Promising Outcomes of Original Grant:
Our original project aimed to create a computer simulation of biological pathways involved in Parkinson's disease and how genetic mutations in LRRK2 can change that system so that we could find new targets for therapeutic intervention. We were happy to see strong correlation between the simulation and laboratory results validating that this tool can be used for predictive experiments. We also were able to show that increasing levels of certain chaperone proteins can restore system balance disturbed by the LRRK2 mutation.
Objectives for Supplemental Investigation:
In parallel to the original funded project, the NeuroInitiative team built initial models of another genetic risk factor for Parkinson's, GBA. This supplemental investigation aims to combine these models so that we can explore convergence of two pathways that are generally thought to be unrelated but which both lead to similar Parkinson's disease diagnosis. In this combined model we will test whether inhibition of LRRK2 or activation of GBA might be protective for patients with the other mutation, and also whether these therapies might work for idiopathic (cause unknown) Parkinson's disease where there is no clear genetic contributor. As an exciting step forward over the original project, this supplemental investigation will use human-derived neurons for laboratory validation, which more closely matches our simulations, which are built on human data.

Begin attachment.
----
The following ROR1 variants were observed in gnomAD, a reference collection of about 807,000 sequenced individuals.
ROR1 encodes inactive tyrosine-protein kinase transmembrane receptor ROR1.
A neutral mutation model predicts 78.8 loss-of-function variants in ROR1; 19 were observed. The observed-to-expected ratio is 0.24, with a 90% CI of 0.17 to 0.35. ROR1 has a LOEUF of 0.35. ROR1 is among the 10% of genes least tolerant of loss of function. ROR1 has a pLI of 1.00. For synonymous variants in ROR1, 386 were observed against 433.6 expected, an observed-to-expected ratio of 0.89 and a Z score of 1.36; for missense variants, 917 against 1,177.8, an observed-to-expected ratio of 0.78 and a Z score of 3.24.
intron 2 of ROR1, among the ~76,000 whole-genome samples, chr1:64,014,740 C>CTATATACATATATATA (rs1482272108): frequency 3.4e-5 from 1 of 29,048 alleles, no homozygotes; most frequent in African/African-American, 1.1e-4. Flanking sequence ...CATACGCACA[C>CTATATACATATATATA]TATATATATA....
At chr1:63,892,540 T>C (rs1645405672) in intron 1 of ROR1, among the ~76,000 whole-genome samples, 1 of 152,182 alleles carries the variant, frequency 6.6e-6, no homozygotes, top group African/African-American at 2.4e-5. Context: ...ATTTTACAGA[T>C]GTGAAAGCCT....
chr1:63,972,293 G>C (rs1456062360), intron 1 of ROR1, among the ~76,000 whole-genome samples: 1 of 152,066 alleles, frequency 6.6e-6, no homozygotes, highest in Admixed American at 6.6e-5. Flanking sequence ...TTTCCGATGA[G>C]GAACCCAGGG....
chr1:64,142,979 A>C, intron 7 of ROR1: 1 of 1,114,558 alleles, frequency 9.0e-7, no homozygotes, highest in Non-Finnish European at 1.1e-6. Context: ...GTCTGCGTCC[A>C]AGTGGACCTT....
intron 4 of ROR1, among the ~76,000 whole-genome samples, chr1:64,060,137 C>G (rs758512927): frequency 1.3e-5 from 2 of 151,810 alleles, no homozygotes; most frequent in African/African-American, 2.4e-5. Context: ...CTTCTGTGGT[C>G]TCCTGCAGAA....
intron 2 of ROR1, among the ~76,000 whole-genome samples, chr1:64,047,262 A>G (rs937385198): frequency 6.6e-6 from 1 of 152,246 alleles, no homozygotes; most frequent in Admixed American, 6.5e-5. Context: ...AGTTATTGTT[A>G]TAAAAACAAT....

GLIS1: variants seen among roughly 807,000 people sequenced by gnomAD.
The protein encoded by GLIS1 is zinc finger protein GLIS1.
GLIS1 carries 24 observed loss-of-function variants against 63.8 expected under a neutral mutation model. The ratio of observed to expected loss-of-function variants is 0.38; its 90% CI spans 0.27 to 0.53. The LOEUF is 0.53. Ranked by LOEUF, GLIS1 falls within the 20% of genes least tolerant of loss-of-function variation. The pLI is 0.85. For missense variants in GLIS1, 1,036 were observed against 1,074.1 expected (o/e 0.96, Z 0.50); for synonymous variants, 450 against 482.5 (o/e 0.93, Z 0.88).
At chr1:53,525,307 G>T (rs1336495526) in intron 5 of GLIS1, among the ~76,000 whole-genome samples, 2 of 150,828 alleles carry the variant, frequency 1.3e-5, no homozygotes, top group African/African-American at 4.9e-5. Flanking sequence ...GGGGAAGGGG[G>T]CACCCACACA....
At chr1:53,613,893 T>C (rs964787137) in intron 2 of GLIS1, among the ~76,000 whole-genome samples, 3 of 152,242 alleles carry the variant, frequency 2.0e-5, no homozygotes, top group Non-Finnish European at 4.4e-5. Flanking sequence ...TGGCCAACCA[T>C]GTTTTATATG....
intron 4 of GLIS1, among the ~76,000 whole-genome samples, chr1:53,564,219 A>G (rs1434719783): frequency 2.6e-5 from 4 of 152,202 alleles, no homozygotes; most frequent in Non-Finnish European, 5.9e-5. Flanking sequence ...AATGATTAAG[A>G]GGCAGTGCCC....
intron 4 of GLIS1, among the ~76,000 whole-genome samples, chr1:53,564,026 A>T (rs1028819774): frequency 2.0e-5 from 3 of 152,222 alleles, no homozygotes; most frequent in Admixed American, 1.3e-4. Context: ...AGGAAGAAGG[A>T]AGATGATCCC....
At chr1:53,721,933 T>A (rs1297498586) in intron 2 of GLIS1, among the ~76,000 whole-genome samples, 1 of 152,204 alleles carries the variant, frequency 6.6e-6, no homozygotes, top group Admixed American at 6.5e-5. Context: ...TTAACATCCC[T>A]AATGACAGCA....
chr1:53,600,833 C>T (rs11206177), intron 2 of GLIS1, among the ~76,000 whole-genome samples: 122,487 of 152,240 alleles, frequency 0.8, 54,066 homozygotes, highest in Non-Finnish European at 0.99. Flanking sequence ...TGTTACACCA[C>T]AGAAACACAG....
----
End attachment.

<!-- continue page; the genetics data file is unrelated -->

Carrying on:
Importance of This Research for the Development of a New PD Therapy:
With the simulation system we can measure changes in every part of the cell as mutations or treatments take effect, which isn't possible in the lab or clinic. With this tool we hope to find new markers of disease and treatment that can be used to accelerate research.